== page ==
- The Washington Times - Monday, December 16, 2013

Democrats said Monday that the House’s top investigator, Rep. Darrell Issa, went too far in using a subpoena to obtain the secret plans for the computer architecture behind HealthCare.gov, and the Democrats warn that having those documents out in the open could be a major cybersecurity threat.

Over the weekend President Obama’s lawyer, White House counsel Kathryn Ruemmler, sent a letter to House Speaker John A. Boehner warning that if the details in the document get out, that could cause problems across the federal government, since many agencies share similar protocols.

On Monday, the ranking Democrats on seven key committees wrote to Mr. Boehner asking him to convene a classified briefing on the dangers posed by the documents, which were turned over to the House oversight committee and Mr. Issa, the panel’s chairman.

“It is reckless in the extreme for Chairman Issa or any member to possess these documents without a full understanding of the extremely sensitive information they contain and the widespread damage that could be caused if they got into the wrong hands,” the Democrats wrote.

The letter is the latest tussle between Mr. Issa and Democrats who say the California Republican has been overzealous in his pursuit of oversight of the Obama administration. Topics of Issa investigations have ranged from IRS targeting of tea party groups and the Justice Department’s gun-walking operation dubbed “Fast and Furious,” to the latest investigation into the rollout of Obamacare’s health exchanges.

A committee spokeswoman said members are taking precautions to make sure the information is being held properly, but found it curious Democrats were complaining about the storage of documents when the HealthCare.gov website itself is potentially vulnerable.

“While this disturbs us, we recognize the seriousness of the situation and are taking appropriate steps to secure the information we have obtained and consult with experts on sensitive technical information. We only wish the administration had taken security concerns this seriously before launching its website,” spokeswoman Caitlin Carroll said.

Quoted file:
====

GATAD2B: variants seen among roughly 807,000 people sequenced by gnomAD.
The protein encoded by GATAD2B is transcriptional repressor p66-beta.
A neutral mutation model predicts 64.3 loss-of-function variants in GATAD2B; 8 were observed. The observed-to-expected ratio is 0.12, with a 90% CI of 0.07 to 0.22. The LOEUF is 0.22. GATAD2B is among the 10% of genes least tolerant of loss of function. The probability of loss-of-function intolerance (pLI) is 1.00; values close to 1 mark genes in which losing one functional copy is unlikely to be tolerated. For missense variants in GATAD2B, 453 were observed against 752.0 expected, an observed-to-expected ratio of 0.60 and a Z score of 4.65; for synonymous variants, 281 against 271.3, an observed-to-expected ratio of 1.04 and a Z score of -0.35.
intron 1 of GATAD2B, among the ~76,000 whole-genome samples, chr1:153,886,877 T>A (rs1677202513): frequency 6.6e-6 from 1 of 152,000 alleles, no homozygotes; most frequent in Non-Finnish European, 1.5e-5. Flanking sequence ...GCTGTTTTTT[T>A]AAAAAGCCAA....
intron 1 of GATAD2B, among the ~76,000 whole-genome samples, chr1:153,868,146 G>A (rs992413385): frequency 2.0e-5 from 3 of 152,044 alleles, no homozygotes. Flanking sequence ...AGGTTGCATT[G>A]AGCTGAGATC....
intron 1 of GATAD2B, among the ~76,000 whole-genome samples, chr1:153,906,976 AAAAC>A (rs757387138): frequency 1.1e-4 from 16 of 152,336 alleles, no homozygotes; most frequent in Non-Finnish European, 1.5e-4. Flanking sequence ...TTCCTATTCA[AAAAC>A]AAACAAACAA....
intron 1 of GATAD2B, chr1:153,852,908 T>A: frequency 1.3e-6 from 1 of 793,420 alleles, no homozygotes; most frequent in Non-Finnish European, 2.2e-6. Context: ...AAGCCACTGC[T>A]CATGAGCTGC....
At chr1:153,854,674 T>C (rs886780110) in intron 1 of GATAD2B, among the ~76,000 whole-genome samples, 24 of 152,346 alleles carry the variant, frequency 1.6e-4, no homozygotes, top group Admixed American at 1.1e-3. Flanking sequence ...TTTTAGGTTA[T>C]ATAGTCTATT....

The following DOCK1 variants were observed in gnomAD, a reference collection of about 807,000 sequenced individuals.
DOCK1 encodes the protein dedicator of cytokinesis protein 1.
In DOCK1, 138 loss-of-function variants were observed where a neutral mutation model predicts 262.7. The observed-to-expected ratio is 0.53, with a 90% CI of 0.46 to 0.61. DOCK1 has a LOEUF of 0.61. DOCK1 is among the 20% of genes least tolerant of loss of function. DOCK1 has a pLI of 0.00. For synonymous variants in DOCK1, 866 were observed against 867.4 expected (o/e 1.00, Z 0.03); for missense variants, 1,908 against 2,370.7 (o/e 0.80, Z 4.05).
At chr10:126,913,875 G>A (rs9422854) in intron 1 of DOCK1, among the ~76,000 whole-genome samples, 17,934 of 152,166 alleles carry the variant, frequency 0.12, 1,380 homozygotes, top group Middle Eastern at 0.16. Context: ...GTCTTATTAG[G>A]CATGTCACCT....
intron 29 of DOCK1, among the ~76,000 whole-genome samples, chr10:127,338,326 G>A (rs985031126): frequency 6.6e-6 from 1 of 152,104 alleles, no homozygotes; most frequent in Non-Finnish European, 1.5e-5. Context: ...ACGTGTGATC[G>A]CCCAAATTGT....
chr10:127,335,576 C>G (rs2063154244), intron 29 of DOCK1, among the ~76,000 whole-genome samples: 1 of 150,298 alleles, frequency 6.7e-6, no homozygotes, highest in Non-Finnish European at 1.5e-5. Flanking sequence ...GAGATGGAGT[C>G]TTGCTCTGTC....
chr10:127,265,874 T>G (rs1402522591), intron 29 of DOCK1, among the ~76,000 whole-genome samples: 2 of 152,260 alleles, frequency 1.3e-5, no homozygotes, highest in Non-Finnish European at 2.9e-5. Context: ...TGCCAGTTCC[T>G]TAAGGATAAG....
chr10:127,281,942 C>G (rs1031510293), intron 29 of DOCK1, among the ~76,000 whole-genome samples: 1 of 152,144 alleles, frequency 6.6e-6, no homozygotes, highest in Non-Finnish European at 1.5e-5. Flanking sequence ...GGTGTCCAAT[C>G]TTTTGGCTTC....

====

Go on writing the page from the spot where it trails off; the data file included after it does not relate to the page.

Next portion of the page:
The documents in question are known as Security Control Assessments, which were part of MITRE Corporation’s work as a contractor helping test the administration’s HealthCare.gov website.

The website is the online portal where many Americans without insurance are supposed to go to buy policies. But the website has been plagued by errors and officials have admitted it was not ready to go when it was launched Oct. 1.

One of the major questions is whether applicants’ sensitive financial or medical data is being protected by the website.

MITRE has repeatedly protested having the information turned over, saying that “in the wrong hands, this information could cause irreparable harm to the basic security architecture” to the Obamacare website.

The government had previously turned over redacted versions of the documents, and had let committee investigators see the full documents behind closed doors. But Mr. Issa has argued that the committee is entitled to see full documents as part of its oversight role.